Hospital Planning and Flu Patients

Currently the hospitals of Chicago, as well as other cities in Illinois, are seeing such a large amount of flu patients coming in that some are among the 11 hospitals in Illinois that will only handle patients with life-threatening illnesses. This is such a huge problem that my mother saw a story about it on the evening news on CBS 58 in Milwaukee.

What interested me in the Tribune‘s article on the problem was a quote from an emergency department doctor at Northwestern Memorial:

Zich estimated that more than 35 patients with flu-like symptoms passed through the emergency department’s waiting room while Northwestern Memorial was on bypass Monday night.


The majority of those ER visitors did not require medical attention, he said.


“The flu in and of itself is not a reason to come to the emergency department,” Zich said, noting that an ER visit is “not necessary” unless the flu is coupled with difficulty breathing or another serious illness, such as heart disease.

For the longest time, people have been going to ERs for minor problems. I tend to not be this type of person because of how my mother raised me. This has been speculated to be the result of people not having a primary care doctor, although I’d also point out that urgent care clinics seeming to be a relatively new thing–and incredibly scarce in Chicago as I discussed in an op-ed for Gapers Block–people might tend to go to Emergency Rooms on weekends since most doctors don’t have appointments on the weekends.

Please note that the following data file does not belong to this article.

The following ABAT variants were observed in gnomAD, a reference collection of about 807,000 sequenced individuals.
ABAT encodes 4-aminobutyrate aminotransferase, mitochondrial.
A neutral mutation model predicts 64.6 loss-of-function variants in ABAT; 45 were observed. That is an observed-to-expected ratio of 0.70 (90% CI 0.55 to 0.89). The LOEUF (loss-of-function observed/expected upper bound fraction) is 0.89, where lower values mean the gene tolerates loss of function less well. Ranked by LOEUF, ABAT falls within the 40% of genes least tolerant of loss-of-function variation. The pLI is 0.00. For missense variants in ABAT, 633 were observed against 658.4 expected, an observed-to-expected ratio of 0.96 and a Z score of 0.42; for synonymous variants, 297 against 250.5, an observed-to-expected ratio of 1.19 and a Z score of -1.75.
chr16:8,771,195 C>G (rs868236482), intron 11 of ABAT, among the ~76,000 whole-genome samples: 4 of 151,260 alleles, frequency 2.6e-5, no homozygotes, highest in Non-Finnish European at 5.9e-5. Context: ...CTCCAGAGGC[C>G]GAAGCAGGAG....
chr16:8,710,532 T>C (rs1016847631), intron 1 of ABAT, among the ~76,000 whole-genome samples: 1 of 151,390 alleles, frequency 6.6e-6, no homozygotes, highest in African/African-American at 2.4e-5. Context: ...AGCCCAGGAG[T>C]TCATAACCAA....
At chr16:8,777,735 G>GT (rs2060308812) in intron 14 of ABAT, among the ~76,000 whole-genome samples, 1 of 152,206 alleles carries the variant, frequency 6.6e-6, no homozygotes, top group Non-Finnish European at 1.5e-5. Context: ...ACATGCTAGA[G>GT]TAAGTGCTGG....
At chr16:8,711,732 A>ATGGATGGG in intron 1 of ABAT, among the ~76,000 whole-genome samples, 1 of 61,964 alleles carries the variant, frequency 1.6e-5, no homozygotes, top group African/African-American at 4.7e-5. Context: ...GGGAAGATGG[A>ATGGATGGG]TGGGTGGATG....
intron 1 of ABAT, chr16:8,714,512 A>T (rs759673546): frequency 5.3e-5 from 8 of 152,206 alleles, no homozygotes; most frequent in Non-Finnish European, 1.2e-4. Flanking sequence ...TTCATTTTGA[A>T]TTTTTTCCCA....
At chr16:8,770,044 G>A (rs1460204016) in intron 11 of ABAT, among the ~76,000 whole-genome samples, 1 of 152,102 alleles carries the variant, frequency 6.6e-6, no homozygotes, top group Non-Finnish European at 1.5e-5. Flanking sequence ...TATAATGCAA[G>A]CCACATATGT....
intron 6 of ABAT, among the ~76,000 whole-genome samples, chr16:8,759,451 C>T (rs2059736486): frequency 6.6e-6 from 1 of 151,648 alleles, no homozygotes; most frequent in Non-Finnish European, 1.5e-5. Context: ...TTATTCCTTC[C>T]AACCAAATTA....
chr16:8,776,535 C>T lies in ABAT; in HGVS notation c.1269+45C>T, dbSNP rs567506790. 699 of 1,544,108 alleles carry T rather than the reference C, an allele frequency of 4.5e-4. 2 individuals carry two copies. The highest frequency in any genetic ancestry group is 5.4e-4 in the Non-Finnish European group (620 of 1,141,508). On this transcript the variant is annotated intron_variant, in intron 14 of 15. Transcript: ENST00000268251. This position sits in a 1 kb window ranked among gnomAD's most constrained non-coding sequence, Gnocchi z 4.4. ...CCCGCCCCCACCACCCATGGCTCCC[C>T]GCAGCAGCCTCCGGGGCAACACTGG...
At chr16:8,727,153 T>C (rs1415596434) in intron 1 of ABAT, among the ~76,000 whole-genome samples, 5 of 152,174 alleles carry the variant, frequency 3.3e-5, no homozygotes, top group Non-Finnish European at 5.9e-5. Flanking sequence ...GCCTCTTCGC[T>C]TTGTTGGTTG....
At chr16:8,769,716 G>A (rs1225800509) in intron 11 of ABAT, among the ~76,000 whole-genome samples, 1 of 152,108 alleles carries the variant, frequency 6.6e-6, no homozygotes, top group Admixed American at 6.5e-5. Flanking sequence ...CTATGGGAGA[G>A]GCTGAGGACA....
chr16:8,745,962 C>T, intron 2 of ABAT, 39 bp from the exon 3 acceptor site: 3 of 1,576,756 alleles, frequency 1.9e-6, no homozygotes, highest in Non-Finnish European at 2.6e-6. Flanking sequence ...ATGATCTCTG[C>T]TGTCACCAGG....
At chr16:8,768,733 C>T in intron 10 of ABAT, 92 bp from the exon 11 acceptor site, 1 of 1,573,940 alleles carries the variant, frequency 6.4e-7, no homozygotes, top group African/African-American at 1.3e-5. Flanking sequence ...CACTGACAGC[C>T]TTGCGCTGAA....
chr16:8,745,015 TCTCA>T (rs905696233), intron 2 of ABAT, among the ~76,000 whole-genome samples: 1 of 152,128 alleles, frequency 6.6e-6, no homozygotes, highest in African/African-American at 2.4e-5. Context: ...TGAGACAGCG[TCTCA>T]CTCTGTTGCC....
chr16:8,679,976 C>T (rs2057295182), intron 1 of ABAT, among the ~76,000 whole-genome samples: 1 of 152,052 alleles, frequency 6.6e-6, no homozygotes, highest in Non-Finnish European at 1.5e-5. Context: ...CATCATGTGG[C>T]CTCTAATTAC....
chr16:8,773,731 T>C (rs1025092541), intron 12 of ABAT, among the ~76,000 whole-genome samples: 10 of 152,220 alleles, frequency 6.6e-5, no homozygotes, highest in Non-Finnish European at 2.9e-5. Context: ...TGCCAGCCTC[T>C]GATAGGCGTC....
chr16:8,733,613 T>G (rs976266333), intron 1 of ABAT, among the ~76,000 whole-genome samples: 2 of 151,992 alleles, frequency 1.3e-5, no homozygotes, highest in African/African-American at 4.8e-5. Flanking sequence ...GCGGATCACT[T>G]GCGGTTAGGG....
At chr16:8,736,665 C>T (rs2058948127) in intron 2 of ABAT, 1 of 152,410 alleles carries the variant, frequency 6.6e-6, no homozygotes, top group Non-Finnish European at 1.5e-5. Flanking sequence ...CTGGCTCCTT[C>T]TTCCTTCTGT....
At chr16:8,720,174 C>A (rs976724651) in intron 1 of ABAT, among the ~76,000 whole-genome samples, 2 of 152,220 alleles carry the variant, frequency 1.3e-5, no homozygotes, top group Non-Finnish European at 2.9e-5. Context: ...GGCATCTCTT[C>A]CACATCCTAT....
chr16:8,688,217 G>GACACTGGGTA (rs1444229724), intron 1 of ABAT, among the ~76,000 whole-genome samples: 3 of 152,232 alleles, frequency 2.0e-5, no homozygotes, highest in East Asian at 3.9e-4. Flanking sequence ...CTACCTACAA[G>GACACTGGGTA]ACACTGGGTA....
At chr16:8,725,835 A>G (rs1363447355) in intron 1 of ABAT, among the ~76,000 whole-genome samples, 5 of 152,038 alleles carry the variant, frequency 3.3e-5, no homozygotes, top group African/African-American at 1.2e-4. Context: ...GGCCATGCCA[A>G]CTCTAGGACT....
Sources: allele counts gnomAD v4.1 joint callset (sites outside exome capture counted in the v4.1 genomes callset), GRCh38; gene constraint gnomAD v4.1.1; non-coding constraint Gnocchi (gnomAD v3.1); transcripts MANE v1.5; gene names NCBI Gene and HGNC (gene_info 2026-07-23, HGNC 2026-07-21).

There are some hospitals in Chicago that are trying to curb the occurrences of people coming in to the ER for problems that don’t really require attention at that high of a level. According to a spokesman at Rush University that I spoke with in the spring for an article I was writing, that hospital wants to help connect patients with primary care doctors in the patient’s area. University of Chicago Medical Center has a well-intentioned program that directs patients who come into the ER for minor problems to primary care clinics. (I say well-intentioned because the program has been accused of resulting in alleged patient dumping by University of Chicago Medical Center.)

In many ways it makes sense that ERs are doing this. I can see though that a potential problem with flu patients coming in–especially since this flu strain sounds to be a bit harsh–is that in some cases flu should be taken very seriously. But in most cases, a person should stay home and wait for the bug to pass. Last February, I went to the ER at Northwestern Memorial for a shoulder injury and found that the ER was packed. Based on what I was hearing, most of the patients who were there with masks on their faces had been waiting for five hours to be seen. In addition to going to the ER being very costly, you’re going to have to wait a very long time.

However the question that I have after reading about this is if John H. Stroger Jr. Hospital of Cook County is being horribly affected by this. When I visited Stroger Hospital to write about the Cook County Health and Hospital System for Gapers Block, I learned that the hospital divided up the Emergency Department into three different sections and triages the patients with problems like the flu separately from other patients. That hospital acknowledged that people will come to an ER for problems that can be treated elsewhere and figured out a way to help streamline and find a more efficient way to run an ER with this occurring.

It is inevitable that people will go to the ER for non-life threatening conditions or conditions that aren’t serious like a major injury. Something that Chicago hospitals might want to look at after this flu outbreak is how to help make an Emergency Department run more efficiently as people come in for things like the flu.